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Nine New Warriors: Game of Thrones, government style

Will the lateral recruits who have made the cut fit in? Or, will there be a conflict of interest?

It’s taken nearly six months for the Union Public Service Commission (UPSC) to decide on the first set of lateral entrants to the post of Joint Secretary.

Although ten were to be taken in, only nine candidates out of the 6.077 who applied made the cut. But as the Department of Personnel and Training works on the nuances of their contract, civil servants are in a tizzy. How will a level playing field be created between those entrenched in the service and the lateral entrants? Will the terms of contract define a cooling off period for these new entrants to ensure there is no conflict of interest?

The ones who made it

All eyes will be on the selected candidates to see how they fit into the government way of working. Those selected are: Kakoli Ghosh for Agriculture, Co-operation and Farmers Welfare Ministry; Amber Dubey for Civil Aviation; Arun Goel for Commerce; Rajeev Saksena for Economic Affairs; Sujit Kumar Bajpayee for Environment, Forest and Climate Change; Saurabh Mishra for Financial Services; Dinesh Dayanand Jagdale for New and Renewable Energy; Suman Prasad Singh for Road Transport and Highways and Bhushan Kumar for the Shipping Ministry. No one was selected for the post for the Department of Revenue, Ministry of Finance. According to the UPSC, the recruitment process for selection of candidate for the Department of Revenue became infructuous at the interview stage.

Although this is not the first time the government has inducted domain experts to meet the functional needs of an organisation — famous names include Manmohan Singh, Montek Singh Ahluwalia, Bimal Jalan and Parameswaran Iyer— this particular experiment has set the cat among the pigeons.

A Joint Secretary is like a CEO

That’s because most lateral entries so far have been for heads in the government ministries or independent authorities. And those who have come at lower levels have mostly come in as consultants. This is for the first time they are coming as regular joint secretaries — the third highest non-political executive rank in the Government of India. A JS in corporate parlance is like a CEO, who is responsible for leading the development and execution of long-term strategies. As Anil Swarup, Former Secretary, HRD, says, “There are rules that define the role of a regular JS. It remains to be seen how roles will be defined for these individuals.”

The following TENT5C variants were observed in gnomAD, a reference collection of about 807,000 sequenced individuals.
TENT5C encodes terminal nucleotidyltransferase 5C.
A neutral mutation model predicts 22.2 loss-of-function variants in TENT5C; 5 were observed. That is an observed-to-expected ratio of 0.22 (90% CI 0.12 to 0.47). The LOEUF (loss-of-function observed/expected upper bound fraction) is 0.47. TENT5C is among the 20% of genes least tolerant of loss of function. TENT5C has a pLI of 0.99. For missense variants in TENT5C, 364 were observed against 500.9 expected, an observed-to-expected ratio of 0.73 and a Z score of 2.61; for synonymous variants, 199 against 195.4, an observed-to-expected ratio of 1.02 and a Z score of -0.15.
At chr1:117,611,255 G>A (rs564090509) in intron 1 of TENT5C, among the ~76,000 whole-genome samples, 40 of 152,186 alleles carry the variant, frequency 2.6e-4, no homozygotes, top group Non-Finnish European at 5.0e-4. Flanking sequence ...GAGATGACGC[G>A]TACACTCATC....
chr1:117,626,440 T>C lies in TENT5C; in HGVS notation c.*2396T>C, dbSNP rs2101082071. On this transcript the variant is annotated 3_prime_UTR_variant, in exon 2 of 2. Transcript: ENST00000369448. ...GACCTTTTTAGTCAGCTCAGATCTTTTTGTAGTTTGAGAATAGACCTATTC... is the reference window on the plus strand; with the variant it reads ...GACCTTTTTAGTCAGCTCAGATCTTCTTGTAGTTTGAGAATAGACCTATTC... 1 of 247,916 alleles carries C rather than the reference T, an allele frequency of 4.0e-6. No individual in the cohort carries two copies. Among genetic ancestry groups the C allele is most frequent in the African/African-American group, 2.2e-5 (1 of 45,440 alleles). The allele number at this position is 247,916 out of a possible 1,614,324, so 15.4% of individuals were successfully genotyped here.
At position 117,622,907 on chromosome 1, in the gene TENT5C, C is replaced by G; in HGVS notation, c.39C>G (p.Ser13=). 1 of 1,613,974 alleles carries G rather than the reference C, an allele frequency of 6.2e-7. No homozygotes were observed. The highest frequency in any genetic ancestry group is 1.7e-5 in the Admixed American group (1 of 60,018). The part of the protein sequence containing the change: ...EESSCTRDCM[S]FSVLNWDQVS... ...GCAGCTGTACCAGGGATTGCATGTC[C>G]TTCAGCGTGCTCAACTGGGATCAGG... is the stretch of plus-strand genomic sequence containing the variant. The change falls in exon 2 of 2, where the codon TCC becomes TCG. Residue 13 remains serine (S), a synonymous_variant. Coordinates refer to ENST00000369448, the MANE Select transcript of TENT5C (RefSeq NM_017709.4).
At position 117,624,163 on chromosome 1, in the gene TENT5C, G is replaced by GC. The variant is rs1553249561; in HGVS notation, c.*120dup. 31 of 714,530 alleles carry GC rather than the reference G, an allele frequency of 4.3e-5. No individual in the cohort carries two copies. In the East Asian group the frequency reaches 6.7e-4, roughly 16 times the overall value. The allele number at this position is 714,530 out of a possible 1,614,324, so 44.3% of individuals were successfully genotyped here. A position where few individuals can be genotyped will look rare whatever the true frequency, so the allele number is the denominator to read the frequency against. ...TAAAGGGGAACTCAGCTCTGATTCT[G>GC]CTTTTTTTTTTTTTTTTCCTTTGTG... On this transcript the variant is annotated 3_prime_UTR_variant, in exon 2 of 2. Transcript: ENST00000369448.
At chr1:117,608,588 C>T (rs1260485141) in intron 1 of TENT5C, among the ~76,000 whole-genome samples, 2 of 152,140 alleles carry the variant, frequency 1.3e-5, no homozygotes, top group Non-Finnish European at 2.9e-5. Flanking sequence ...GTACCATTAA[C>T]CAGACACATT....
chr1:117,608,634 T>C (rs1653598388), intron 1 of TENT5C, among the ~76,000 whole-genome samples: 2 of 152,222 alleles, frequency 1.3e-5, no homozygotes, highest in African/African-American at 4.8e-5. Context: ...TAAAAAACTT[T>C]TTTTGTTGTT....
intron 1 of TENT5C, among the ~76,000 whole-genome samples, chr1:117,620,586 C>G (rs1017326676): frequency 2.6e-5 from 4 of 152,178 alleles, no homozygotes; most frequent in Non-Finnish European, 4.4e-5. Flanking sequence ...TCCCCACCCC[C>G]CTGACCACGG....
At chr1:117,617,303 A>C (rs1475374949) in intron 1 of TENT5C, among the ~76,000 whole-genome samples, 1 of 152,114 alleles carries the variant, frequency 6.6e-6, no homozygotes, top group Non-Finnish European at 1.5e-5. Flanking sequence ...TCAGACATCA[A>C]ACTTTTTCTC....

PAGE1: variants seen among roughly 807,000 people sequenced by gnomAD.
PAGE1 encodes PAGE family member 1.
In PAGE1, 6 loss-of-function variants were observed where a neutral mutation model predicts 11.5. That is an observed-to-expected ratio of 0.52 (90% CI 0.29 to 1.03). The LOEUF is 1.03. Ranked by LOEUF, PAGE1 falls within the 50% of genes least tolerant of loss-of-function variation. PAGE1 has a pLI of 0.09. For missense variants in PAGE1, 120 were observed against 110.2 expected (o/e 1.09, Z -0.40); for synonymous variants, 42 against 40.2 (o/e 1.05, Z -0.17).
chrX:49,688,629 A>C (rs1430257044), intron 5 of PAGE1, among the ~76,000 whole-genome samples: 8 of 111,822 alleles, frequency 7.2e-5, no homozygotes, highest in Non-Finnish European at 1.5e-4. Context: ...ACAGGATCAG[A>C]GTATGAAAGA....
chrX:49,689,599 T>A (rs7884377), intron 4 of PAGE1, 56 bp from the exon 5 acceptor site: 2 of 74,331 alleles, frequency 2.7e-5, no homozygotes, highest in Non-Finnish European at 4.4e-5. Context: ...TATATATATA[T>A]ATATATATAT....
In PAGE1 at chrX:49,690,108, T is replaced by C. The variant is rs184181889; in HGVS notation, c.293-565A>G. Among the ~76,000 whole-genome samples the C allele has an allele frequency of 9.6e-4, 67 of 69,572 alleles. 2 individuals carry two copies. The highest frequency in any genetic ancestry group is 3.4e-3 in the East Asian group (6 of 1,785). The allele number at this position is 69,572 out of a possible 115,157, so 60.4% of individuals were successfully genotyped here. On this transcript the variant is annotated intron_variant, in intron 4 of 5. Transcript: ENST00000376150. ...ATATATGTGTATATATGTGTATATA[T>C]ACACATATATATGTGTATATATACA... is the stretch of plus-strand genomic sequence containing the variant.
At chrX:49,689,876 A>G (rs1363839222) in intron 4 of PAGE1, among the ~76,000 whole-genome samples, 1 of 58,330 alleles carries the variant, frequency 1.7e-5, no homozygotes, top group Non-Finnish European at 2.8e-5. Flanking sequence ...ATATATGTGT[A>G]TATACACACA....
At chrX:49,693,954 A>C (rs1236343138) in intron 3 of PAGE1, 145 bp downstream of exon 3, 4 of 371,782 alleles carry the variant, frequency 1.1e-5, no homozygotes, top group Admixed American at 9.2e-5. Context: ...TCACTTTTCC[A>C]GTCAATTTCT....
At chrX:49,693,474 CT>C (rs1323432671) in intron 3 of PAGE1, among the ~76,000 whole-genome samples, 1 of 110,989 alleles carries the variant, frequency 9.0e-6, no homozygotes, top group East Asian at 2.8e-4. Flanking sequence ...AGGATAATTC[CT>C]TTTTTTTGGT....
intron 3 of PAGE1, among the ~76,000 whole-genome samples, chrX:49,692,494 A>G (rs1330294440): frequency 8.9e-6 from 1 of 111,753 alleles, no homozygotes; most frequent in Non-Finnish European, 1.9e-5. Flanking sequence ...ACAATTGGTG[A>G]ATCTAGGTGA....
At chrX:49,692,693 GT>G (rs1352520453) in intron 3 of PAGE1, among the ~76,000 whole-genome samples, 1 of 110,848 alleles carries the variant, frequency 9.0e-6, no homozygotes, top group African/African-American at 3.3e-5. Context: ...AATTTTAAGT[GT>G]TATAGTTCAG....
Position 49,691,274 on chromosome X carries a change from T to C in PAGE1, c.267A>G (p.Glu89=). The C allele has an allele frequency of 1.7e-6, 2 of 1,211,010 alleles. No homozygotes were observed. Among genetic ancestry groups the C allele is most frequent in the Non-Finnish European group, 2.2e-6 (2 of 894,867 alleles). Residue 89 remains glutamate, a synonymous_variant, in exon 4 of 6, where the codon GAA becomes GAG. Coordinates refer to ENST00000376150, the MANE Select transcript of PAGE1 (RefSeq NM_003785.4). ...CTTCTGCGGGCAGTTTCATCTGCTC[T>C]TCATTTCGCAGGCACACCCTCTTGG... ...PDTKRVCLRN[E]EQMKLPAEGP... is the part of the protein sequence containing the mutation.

Swarup also wonders about the motivation of those coming in. “Job security and responsibility are the two key factors for people to take government jobs. I do not know how it will work in this case.”

“Also, another big challenge will be maintaining confidentiality. If an individual knows that after three or five years he/she will have to look for another job, then will it not create conflict of interest if it is in the same field of business? For regular officers there is a one-year cooling off concept to avoid any conflict of interest, will a similar concept apply here,” asks Swarup.

A regular bureaucrat has to wait for a year after quitting the Civil Service or even after retirement to join the private sector to avoid conflict of interest. “The government may have to evolve a mechanism,” responds an official who has been closely involved with the entire exercise.

Ashok Jha, Former Secretary, Finance, feels the conflict of interest issue is a pertinent question. “The contract will have to contain a cooling off period, otherwise it will be a revolving door to greener pastures after the assignment in the government is over. It will also raise valid questions on confidentiality. This will have to be addressed by invoking the Officials Secrets Act,” he says. “Some countries like the UK have, to a large measure, addressed these issues satisfactorily. But then, the cultures are entirely different as are the legal ramifications,” adds Jha.

However, Prabir Jha, Founder & CEO at Prabir Jha People Advisory, who has worked both in the public and private sector, says, “Whether it is a direct recruit or those coming through lateral entry, the risks and liabilities remain the same. For example, a recruit has to affirm allegiance to the Constitution of India or be bound by various statutory norms. Experience has it that no defaults have happened as yet.”

“What is more crucial is whether the new entrants will come as a regular JS in the respective ministry or are designated against JS equivalent posts. That can be a big difference,” he points out.

For example, if it is a posting at the Directorate General of Civil Aviation in the Ministry, then the role is that of a regulator and designate position is that of a Joint Secretary, thus there is less involvement in policy decision making. “If it is equivalent post, then I would say it is a smart and useful addition of expertise but not much would have really changed. Even otherwise, the numbers are more symbolic in the bureaucratic reality for now,” he says.

Besides, it remains to be seen how much freedom of operation and space they will have, sums up Jha.